Scottsdale shouldn’t spin too far from the hand that feeds

From preserving the McDowell Mountains and banning billboards to turning a once-planned concrete ditch into the Indian Bend Wash there’s no doubt about Scottsdale’s impressive aesthetics. Even the bus stops are beautiful.

Ann Siner

Ann Siner

Such discipline toward the extraordinary and those policies that can make a community look and feel different is likely why my company and so many others have invested in the city.

But as a businesswoman with two major stores in Scottsdale it’s fair to ask if the city has gone too far from time to time? When it comes to its ongoing litigation to fight “sign spinners” I believe it has.

Let me set the stage further.

Scottsdale’s commitment to aesthetics is admirable, but it can create tension, even effects deleterious for business.

Consider Scottsdale’s oldest tavern, the Coach House on Indian School Road. A city-planted tree routinely covers up the establishment’s only sign.

Or how another city tree as part of southern Scottsdale Road improvements was planted right in front of the Barrett-Jackson building near Thomas Road, blocking its sign just as the company was re-opening the property for an impressive new use.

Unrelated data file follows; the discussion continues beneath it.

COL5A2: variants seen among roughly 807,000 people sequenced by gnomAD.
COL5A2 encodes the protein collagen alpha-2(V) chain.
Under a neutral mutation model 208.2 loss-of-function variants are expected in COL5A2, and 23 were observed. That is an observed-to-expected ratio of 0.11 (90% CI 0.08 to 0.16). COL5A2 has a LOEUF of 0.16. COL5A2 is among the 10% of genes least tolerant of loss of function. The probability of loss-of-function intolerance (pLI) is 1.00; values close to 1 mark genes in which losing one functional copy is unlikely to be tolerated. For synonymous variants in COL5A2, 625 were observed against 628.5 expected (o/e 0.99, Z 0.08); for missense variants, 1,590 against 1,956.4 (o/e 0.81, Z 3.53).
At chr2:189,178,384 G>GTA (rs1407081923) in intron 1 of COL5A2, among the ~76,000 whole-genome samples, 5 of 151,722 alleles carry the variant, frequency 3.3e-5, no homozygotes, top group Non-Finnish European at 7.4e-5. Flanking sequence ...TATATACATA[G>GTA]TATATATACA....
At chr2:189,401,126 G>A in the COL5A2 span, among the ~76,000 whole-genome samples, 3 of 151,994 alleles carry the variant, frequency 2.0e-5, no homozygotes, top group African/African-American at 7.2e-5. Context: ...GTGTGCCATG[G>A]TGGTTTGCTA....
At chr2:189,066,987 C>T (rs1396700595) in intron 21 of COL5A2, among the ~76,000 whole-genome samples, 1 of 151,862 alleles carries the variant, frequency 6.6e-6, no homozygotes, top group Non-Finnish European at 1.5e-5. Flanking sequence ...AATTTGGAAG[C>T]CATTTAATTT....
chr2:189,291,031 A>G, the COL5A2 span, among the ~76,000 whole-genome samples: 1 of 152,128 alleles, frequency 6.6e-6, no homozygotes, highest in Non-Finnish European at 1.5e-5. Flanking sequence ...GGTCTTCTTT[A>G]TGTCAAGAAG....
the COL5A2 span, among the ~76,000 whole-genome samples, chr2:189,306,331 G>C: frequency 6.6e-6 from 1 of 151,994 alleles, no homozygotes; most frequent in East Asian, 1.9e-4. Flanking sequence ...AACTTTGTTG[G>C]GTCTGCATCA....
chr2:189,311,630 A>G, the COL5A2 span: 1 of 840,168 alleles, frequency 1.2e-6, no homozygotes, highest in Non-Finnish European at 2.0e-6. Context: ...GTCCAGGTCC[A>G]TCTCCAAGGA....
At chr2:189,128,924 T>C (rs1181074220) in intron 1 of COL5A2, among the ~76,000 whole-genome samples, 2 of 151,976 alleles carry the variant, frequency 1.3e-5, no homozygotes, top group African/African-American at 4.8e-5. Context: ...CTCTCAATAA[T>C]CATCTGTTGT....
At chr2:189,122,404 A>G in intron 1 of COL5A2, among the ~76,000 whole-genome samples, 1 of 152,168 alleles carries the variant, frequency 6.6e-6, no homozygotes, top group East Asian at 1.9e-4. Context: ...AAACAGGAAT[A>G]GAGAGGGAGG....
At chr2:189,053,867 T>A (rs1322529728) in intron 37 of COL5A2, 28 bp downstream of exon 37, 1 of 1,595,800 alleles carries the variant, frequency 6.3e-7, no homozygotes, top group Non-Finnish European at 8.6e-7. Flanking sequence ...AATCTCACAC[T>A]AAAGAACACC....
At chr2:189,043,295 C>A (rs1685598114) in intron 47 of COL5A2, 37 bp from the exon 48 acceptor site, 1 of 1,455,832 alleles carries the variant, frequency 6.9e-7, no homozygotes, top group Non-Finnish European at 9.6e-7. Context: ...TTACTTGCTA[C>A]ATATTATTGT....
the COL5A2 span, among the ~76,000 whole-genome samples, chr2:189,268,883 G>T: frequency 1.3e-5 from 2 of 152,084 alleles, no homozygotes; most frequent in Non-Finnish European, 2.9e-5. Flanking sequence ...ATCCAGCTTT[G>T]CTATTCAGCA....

Or how the landscaping requirements and zoning requirements for a Target shopping center in far north Scottsdale were so severe that shoppers had a hard time seeing what stores were actually located there.

As for us, we’re located in two centers where visibility can be a challenge. This isn’t because we’re poor at real estate, it’s just that some of the same examples above are relatives of our experience too.

That’s where sign spinners can come in, in much the same way people advertise their garage sales, car washes or new home sales. In our case, we face competition from online that doesn’t have to pay sales taxes like we do to Scottsdale to fund its public safety, parks and streets. From time to time we like to use different marketing tactics to drive awareness to sales we may be having or other store initiatives.

It’s not that we believe businesses should be able to do whatever they want, whenever they want. Should one store be able to monopolize four street corners at one time? No.

But we do believe there should and can be a compromise that allows a business to advertise with more liberty to aide its livelihood. Put another way, we can’t continue to generate the amount of sales tax we do for Scottsdale if our options to market ourselves are suffocated.

Change the way you market some might say. Well, in a city run by Republicans isn’t one of the party’s core beliefs the notion that raises individual choice above the state or government?

It should and can be that way now as economic liberty need not be a stranger to community aesthetics. We need a little more compromise in Washington, D.C. and it wouldn’t hurt as it relates to this issue in Scottsdale either.

Editor’s note: Ms. Siner is co-founder and CEO of My Sister’s Closet, My Sister’s Attic & Well Suited

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